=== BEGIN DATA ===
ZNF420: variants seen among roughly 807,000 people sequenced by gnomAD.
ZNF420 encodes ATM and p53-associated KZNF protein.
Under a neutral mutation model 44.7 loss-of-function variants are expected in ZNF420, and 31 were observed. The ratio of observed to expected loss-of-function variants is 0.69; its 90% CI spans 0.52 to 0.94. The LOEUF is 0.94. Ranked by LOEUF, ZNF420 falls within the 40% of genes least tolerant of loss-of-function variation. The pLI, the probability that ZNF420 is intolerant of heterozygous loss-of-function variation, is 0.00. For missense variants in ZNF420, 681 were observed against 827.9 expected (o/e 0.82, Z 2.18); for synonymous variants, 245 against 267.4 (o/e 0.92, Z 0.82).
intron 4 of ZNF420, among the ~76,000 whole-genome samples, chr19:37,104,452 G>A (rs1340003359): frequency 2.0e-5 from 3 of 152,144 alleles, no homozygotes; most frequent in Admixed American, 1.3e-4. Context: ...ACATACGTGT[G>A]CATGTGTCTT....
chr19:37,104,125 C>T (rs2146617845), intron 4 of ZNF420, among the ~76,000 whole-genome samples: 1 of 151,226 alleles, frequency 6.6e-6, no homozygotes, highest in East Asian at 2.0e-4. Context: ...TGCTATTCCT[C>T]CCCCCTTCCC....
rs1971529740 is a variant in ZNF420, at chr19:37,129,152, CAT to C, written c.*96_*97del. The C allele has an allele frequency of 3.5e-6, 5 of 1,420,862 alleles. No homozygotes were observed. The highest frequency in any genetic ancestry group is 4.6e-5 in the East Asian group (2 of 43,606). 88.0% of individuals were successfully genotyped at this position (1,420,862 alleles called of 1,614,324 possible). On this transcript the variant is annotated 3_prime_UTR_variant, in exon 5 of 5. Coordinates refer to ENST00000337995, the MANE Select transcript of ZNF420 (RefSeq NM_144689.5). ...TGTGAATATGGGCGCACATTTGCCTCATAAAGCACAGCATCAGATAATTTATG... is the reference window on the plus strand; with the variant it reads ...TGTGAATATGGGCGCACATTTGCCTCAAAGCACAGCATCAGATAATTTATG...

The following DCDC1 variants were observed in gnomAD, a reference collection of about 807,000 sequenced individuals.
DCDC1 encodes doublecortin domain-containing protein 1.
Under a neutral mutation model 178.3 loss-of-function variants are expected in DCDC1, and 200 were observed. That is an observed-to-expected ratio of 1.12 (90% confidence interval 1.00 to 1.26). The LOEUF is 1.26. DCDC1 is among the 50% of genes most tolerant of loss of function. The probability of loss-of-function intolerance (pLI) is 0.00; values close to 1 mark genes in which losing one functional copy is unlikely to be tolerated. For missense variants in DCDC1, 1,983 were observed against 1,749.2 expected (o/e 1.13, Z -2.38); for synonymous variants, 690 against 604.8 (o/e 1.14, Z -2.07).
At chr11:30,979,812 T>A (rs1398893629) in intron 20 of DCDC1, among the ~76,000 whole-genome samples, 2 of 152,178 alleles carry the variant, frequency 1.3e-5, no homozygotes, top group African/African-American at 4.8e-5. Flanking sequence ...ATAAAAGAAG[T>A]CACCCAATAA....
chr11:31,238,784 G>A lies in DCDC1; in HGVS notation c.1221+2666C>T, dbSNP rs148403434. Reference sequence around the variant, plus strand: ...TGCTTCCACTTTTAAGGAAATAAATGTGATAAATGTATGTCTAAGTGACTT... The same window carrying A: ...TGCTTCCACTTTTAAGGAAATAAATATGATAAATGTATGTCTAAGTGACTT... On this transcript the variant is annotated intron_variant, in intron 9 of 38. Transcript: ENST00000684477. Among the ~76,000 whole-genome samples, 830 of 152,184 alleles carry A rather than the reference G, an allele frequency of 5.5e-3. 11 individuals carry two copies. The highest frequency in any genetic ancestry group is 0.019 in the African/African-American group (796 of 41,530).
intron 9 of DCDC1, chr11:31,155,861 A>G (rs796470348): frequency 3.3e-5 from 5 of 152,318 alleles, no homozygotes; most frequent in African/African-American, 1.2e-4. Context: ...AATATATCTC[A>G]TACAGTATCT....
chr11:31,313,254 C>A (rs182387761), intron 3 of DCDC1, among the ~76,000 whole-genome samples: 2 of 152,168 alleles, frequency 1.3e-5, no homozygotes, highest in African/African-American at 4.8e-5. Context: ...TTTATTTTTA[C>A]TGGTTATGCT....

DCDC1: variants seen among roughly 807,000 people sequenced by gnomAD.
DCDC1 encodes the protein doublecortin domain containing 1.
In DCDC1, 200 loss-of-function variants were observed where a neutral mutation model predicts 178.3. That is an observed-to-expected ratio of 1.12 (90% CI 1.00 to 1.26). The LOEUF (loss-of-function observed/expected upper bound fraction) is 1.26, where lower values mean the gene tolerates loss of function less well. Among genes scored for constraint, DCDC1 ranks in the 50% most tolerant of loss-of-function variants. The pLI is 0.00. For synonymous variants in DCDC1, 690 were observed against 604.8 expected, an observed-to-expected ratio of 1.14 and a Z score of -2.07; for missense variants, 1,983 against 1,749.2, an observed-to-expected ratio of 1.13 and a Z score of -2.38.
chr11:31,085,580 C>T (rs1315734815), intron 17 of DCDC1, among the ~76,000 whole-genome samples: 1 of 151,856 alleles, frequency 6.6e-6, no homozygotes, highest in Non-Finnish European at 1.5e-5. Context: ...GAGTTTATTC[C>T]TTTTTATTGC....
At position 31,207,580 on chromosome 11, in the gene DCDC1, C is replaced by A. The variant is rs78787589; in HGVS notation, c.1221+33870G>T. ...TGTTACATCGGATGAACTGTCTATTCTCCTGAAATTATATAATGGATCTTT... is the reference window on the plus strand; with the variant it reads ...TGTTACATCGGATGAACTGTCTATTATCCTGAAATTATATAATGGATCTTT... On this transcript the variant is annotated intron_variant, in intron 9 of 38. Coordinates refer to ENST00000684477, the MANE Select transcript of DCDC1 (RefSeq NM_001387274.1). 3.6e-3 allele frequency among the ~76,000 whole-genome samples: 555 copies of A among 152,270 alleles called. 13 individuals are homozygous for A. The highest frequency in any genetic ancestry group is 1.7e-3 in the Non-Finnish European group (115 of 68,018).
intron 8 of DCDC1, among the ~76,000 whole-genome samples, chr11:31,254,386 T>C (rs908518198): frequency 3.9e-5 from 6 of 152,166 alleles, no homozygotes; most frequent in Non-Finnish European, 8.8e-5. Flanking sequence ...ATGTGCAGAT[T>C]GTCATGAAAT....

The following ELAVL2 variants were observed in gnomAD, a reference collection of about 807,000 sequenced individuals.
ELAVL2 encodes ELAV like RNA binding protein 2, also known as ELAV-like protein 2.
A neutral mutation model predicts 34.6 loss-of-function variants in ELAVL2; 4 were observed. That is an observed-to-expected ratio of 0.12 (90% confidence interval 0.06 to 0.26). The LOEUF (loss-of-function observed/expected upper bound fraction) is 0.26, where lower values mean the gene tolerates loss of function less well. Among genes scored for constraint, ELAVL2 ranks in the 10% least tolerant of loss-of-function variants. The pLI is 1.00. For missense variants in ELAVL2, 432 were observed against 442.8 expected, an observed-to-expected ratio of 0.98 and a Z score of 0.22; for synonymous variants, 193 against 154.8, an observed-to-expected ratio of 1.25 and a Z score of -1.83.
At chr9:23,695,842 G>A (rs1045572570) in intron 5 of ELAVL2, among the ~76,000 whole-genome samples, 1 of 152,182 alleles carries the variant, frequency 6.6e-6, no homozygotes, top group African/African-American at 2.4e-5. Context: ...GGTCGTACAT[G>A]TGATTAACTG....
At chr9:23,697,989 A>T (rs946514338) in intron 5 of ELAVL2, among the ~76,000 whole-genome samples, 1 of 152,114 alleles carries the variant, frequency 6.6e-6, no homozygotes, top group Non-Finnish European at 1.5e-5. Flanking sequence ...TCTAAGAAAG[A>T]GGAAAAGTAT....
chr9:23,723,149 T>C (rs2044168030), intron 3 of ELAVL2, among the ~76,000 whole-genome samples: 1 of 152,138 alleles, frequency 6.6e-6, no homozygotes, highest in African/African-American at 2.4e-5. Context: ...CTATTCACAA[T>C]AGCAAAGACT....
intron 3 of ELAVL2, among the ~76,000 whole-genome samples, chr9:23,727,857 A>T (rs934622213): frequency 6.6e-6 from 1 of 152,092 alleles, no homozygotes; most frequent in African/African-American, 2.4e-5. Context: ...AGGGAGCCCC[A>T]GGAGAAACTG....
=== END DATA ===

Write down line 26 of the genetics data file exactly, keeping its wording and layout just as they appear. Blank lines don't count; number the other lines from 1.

intron 3 of ELAVL2, among the ~76,000 whole-genome samples, chr9:23,727,857 A>T (rs934622213): frequency 6.6e-6 from 1 of 152,092 alleles, no homozygotes; most frequent in African/African-American, 2.4e-5. Context: ...AGGGAGCCCC[A>T]GGAGAAACTG....